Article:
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Tuesday, June 27, 2017

Painting Shakespeare

 The Plays of William Shakespeare, 1849, Sir John Gilbert
Most people have seen all or parts of a Shakespearean play, probably not on stage, but on TV or perhaps as a movie. However, long before there was TV or the movies...I almost added, long before there was Shakespeare...but certainly less than a century after there was Shakespeare, artists were presenting on canvas and as etched illustrations in books, scenes from some of his plays. The first of these were published about 1709 with the first edition of Shakespeare's collected works. That's only ninety-three years after the playwright died of unknown causes in 1616.

Until recently, Shakespeare appearance was based upon the etching above. Since 2006, most Shakespearean scholars have come to accept the painting at the top by an unknown Jacobean artist as the only authentic portrait of Shakespeare, also the basis of the etching.
Before Pages House.
The Merry Wives of
Windsor, Act I, Scene I.
Robert Smirke, R. A.
The first major effort in creating paintings of Shakespeare’s characters was the Boydell Shakespeare Gallery, which operated in London from 1789 to 1805. This major project enlisted artists to interpret scenes from Shakespeare’s plays as well as imagining some of the scenes he described. The choice of characters and moments from the plays are often the most popular on stage: the ghost appearing to Hamlet, Falstaff being bundled into the buck basket. But sometimes the artists responded to Shakespeare’s descriptions of events such as the murder of the princes in Richard III and the horseback entrance into London of Richard II and Bolingbroke. Each of John Boydell's illustrations were based upon a painted image--all 167 of them.

The Two Gentlemen of Verona, Act V, Scene IV. A Forest, Angelica Kauffmann, R. A.--the only woman artist involved
in Boydell's Shakespearean enterprise.

Shakespeare Attended by
Painting and Poetry,
c. 1789, Thomas Banks
William Shakespeare penned some thirty-eight plays, with Henry VI (Part 2) being the first, dating from about 1591. He would have been twenty-seven at the time. Henry VI (Parts 1 and 3 also date from 1591 but were not written in chronological order). As tricky as it is to attach definite dates to Shake-speare's plays, ascertaining even approx-imate dates of paintings and etching by dozens of artists based upon them is near impossible. Boydell's collection of published etchings was put together over a period of ten or twelve years. Many of the artists were among the most outstanding England had to offer. However, many others were not. They were hurriedly commissioned to flesh out the lesser plays and were far below par. Critics took notice. As a result, Boydell's private art museum and publishing effort became insol-vent in 1803.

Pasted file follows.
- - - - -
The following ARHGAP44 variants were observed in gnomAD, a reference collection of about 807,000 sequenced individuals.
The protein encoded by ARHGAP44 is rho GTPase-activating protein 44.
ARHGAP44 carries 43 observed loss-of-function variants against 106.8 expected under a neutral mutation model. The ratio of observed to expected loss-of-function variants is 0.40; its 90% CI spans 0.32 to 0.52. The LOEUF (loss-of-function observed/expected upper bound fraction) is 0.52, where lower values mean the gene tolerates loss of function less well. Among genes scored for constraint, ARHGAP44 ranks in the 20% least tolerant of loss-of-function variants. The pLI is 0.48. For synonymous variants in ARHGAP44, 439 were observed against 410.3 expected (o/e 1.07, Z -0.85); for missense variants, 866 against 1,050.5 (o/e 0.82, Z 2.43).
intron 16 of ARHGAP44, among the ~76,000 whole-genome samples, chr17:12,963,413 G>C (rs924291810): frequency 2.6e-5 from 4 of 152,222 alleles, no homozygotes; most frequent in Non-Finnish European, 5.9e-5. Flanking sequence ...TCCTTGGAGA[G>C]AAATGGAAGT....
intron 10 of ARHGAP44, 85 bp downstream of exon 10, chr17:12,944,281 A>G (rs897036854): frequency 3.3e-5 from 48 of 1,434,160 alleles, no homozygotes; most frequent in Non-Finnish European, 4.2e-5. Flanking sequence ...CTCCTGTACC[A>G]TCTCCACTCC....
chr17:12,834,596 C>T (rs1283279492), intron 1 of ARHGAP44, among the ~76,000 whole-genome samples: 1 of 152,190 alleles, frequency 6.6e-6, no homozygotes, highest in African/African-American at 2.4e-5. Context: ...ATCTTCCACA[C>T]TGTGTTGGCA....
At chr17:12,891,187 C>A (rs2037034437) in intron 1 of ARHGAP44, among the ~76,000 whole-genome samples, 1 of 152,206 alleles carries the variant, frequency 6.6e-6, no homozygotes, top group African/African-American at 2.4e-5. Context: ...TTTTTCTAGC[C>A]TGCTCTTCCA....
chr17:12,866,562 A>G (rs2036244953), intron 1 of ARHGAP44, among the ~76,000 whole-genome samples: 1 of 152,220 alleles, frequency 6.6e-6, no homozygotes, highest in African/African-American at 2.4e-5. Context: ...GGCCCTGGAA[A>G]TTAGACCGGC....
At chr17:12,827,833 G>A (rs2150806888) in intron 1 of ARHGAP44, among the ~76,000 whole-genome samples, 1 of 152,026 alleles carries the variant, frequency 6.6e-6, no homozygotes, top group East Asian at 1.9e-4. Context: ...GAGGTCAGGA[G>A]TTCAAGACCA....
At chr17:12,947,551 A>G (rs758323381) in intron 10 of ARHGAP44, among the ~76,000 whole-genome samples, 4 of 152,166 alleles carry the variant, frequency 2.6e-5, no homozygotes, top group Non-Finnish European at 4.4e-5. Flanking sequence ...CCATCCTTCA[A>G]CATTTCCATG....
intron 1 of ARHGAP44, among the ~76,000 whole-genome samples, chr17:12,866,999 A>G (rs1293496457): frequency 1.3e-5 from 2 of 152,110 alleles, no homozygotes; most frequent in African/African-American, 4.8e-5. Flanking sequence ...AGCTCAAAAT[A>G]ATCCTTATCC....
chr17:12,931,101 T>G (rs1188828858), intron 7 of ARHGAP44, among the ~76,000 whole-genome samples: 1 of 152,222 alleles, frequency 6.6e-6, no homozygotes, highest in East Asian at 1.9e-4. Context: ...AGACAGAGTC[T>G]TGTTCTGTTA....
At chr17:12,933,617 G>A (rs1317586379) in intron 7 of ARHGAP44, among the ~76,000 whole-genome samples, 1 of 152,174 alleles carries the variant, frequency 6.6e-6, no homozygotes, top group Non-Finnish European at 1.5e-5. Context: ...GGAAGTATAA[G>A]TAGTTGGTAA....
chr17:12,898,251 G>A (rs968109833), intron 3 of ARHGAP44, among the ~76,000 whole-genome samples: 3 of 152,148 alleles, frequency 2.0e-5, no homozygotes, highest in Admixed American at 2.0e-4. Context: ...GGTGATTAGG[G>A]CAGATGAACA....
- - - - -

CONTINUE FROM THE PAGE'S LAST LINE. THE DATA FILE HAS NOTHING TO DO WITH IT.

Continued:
The lower image by Stothard from around 1800, does
not depict a particular scene but was one of the first
to depict Shakespeare's characters. The upper
image is from the 19th-century.
Macbeth Consulting the
Vision of the Armed Head,
1793, Henry Fuseli
In the years following Shakespeare's death, his literary stature grew, but the popularity of his work declined for most of the 18th-century. Boydell's misguided ef-fort, along with the paintings of artists he employed, such a Sir Joshua Reynold, and Angelica Kauffmann, helped to revive Shakespeare's reputation, not to mention the demand for Shakespearean art. How-ever it mostly through the efforts of the man below, actor/producer/playwright/po-et, David Garrick that Shakespeare's plays and their popularity endured. Be-sides the lead role in Richard III, Garrick also took on Shakespeare's King Lear, and in 1743 added Hamlet to his re-pertoire. Then In 1769, Garrick staged the Shakespeare Jubilee in Stratford-upon-Avon. It was a major focal point in cementing Shakespeare as England's national poet. The festival involved a number of events held in the town to celebrate (five years too late) 200 years since Shakespeare's birth. Ironically, no Shakespeare plays were performed during the Ju-bilee, and heavy rain forced a Shakespeare Pageant to be called off. The Pageant was later staged at the Drury Lane Theatre under the title, The Jubilee. It proved successful through some 90 performances.

William Hogarth's portrait of David Garrick as Richard III dates from 1745.
Children acting the play scene
from Hamlet, 1863, Charles Hunt

Falstaff in the Laundry Basket,
John Henry Fuseli



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